From the National Weather Service:


In 1906…an extended cold and blustery period occurred with light snow totaling 14.4 inches over 11 consecutive days. The greatest amount of snow on a single day was 4.0 inches on the 15th. Only a trace of snow fell on the 12th and 17th. High temperatures were below freezing for the entire period. The coldest were 14 degrees on the 16th and 18 degrees on the 17th. Both readings were record low maximums for the dates. Low temperatures were mostly in the single digits. The coldest were 2 degrees below zero on the 16th and 5 degrees below zero on the 19th. Northeast winds were sustained to 22 mph on the 9th. North winds were sustained to 36 mph on the 10th…32 mph on the 13th…and 22 mph on the 15th.


In 1933…rain changed to snow on the evening of the 17th and continued through mid-day of the 19th. Snowfall totaled 5.6 inches with 0.83 inch of precipitation in the city. North winds were sustained to 38 mph with gusts to 46 mph on the 18th and to 30 mph with gusts to 43 mph on the 19th.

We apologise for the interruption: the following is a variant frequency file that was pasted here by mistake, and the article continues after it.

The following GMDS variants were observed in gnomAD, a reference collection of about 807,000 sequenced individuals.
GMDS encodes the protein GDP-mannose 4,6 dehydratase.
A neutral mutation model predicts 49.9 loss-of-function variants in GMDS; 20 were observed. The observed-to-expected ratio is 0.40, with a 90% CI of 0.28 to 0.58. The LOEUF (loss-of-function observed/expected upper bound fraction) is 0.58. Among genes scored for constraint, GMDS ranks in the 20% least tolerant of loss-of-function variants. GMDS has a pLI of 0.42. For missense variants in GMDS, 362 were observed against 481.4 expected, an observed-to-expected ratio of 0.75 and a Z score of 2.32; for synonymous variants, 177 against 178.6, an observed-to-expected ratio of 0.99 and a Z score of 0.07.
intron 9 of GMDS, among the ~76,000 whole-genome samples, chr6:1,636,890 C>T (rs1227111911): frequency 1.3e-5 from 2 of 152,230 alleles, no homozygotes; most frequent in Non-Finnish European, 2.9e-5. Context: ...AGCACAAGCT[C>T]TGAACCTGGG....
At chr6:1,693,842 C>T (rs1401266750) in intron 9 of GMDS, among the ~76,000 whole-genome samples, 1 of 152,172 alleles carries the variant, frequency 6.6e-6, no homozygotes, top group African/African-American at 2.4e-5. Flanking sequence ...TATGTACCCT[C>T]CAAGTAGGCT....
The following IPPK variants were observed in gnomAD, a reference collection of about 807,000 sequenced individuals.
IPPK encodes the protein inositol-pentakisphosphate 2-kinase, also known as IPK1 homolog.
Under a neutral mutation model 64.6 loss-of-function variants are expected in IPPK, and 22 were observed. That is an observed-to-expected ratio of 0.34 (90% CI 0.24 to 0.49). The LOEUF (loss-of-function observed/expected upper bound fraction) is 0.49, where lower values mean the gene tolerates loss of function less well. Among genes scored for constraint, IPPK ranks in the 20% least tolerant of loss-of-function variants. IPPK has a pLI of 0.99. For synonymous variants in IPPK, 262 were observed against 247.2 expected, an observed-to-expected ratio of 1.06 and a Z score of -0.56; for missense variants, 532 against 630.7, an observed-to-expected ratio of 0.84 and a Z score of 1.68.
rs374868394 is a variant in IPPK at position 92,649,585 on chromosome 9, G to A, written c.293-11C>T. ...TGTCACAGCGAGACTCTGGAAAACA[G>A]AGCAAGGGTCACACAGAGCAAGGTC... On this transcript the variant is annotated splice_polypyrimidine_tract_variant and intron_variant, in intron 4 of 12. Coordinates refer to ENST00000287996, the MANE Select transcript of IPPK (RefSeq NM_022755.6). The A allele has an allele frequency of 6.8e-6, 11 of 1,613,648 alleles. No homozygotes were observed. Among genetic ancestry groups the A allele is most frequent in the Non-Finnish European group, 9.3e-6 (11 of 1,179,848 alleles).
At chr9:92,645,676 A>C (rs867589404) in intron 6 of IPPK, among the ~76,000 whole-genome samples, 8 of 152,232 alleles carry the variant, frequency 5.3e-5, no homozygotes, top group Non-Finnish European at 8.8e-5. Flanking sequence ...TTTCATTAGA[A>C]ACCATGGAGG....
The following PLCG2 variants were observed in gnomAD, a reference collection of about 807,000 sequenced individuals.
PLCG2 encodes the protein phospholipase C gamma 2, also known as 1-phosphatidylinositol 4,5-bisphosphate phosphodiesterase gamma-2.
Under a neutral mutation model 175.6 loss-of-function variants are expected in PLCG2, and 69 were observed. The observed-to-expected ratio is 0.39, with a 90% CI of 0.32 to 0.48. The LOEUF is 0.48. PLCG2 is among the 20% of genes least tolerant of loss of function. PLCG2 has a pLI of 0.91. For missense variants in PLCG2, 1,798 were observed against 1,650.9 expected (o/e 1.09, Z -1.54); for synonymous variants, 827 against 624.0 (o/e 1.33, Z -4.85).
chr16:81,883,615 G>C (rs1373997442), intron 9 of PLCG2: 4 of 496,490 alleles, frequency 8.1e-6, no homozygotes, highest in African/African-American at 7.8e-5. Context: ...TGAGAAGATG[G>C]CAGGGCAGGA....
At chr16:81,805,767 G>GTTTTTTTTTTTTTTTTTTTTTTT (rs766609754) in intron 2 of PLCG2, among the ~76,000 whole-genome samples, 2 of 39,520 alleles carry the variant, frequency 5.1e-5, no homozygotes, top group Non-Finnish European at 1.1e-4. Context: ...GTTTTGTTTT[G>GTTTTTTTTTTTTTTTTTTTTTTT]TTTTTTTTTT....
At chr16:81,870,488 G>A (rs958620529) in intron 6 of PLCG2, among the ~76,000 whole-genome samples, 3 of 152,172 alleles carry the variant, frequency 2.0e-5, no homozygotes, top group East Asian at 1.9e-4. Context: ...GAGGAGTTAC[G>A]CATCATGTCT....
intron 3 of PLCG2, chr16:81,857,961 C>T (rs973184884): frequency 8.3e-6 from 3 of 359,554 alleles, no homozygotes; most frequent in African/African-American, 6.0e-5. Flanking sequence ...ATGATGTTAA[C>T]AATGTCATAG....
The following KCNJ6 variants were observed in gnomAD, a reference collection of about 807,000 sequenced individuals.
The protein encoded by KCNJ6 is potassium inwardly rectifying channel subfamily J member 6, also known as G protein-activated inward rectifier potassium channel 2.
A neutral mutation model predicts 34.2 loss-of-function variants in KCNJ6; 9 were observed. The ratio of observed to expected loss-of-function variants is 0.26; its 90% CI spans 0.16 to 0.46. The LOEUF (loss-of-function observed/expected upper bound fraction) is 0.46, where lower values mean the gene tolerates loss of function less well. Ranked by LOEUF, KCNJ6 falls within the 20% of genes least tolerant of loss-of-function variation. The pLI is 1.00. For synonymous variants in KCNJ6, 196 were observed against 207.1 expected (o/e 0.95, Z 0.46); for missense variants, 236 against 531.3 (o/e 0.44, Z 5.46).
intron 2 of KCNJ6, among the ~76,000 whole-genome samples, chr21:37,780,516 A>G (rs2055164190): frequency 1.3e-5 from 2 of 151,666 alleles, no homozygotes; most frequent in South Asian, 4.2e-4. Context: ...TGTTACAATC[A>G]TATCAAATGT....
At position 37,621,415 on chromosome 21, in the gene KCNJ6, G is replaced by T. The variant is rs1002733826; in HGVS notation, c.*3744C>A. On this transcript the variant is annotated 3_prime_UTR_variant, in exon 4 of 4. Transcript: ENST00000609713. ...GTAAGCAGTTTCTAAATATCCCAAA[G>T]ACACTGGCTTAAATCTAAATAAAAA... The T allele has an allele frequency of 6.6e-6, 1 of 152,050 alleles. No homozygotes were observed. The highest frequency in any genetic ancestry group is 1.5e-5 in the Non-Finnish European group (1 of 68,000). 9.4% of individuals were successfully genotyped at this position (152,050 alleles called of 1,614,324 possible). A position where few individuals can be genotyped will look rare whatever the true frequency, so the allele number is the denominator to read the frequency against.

In 2003…one of the worst blizzards since historic records began in 1872 struck metro Denver with a vengeance. Heavy wet snow accumulating to around 3 feet in the city and to more than 7 feet in the foothills brought transportation to a near standstill. North winds sustained to 30 mph with gusts as high as 41 mph produced drifts to 6 feet in the city. The estimated cost of property damage alone…not including large commercial buildings…was 93 million dollars… Making it the costliest snowstorm ever. Mayor Wellington Webb of Denver said…”this is the storm of the century…a backbreaker…a record breaker…a roof breaker.” Two people died in Aurora from heart attacks after shoveling the heavy wet snow. The National Guard sent 40 soldiers and 20 heavy duty vehicles to rescue stranded travelers along I-70 east of gun club road. The heavy wet snow caused roofs of homes and businesses to collapse. The snow also downed trees…branches…and power lines. Two people were injured when the roofs of their homes collapsed. In Denver alone…at least 258 structures were damaged. In Arvada…a roof collapse at West Gate Stables killed a horse. Up to 135 thousand people lost power during the storm…and it took several days for power to be restored in some areas. Denver International Airport was closed…stranding about 4000 travelers. The weight of the heavy snow caused a 40-foot gash in a portion of the tent roof…forcing the evacuation of that section of the main terminal building. Avalanches in the mountains and foothills closed many roads…including I-70…stranding hundreds of skiers and travelers. Along I-70…an avalanche released by the Colorado department of transportation…blocked the interstate in both directions for several hours. Several residences between Baskerville and Silver Plume were evacuated because of the high avalanche danger. At Eldora Ski Area…270 skiers were stranded when an avalanche closed the main access road. After the storm ended…a military helicopter had to ferry food to the resort until the road could be cleared. The heavy snow trapped thousands of residents in their foothills homes in Jefferson County for several days. Two homes burned to the ground when fire crews could not reach the residences. Some schools remained closed well into the following week. The storm officially dumped 31.8 inches of snow at the site of the former Stapleton International Airport…the most snowfall from a single storm since the all-time record snowfall of 37.5 inches on December 4-5…1913. The storm made March 2003 the snowiest March on record…the 4th snowiest month on record… And the 5th wettest March on record. The 22.9 inches of snow on the 18th into the 19th was the greatest 24 hour snowfall ever recorded in the city during the month of March. The storm was also a drought-buster…breaking 19 consecutive months of below normal precipitation in the city. Snowfall across metro Denver ranged from 2 feet to more than 3 feet. The highest amounts included: 40 inches in Aurora…38 inches in Centennial and 6 miles east of Parker…37 inches at Buckley AFB…35 inches in southwest Denver…34 inches in Louisville… 32 inches in Arvada…31 inches in Broomfield and Westminster… And 22.5 inches in Boulder. In the foothills…snowfall ranged from 3 feet to more than 7 feet. Some of the most impressive storm totals included: 87.5 inches atop Fritz Peak and in Rollinsville…83 inches at cabin creek…74 inches near Bergen Park…73 inches northwest of Evergreen…72 inches in Coal Creek Canyon…70 inches at Georgetown…63 inches near Jamestown…60 inches near Blackhawk…55 inches at Eldora Ski Area…54 inches 8 miles west of Sedalia…and 46.6 inches at Ken Caryl Ranch. The storm was the result of a very moist…intense slow moving Pacific system which tracked across the four corners and into southeastern Colorado…which allowed deep easterly upslope flow to form along the Front Range.